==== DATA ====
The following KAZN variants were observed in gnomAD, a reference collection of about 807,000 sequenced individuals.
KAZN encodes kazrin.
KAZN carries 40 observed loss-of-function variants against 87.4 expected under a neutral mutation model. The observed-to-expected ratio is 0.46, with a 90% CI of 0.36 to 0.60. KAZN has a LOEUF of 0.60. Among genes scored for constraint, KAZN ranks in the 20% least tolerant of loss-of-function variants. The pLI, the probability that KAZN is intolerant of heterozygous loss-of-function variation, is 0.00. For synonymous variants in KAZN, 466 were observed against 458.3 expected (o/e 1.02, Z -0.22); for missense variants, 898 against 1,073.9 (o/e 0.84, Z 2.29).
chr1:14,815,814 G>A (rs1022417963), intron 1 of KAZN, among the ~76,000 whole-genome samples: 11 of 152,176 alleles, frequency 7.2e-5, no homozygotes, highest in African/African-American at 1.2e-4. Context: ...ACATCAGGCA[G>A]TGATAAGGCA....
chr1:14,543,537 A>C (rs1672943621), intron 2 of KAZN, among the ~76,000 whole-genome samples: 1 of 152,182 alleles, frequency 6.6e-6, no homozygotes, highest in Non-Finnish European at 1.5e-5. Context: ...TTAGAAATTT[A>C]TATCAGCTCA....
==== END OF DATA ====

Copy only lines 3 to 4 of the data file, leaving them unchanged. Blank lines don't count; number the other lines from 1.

KAZN carries 40 observed loss-of-function variants against 87.4 expected under a neutral mutation model. The observed-to-expected ratio is 0.46, with a 90% CI of 0.36 to 0.60. KAZN has a LOEUF of 0.60. Among genes scored for constraint, KAZN ranks in the 20% least tolerant of loss-of-function variants. The pLI, the probability that KAZN is intolerant of heterozygous loss-of-function variation, is 0.00. For synonymous variants in KAZN, 466 were observed against 458.3 expected (o/e 1.02, Z -0.22); for missense variants, 898 against 1,073.9 (o/e 0.84, Z 2.29).
chr1:14,815,814 G>A (rs1022417963), intron 1 of KAZN, among the ~76,000 whole-genome samples: 11 of 152,176 alleles, frequency 7.2e-5, no homozygotes, highest in African/African-American at 1.2e-4. Context: ...ACATCAGGCA[G>A]TGATAAGGCA....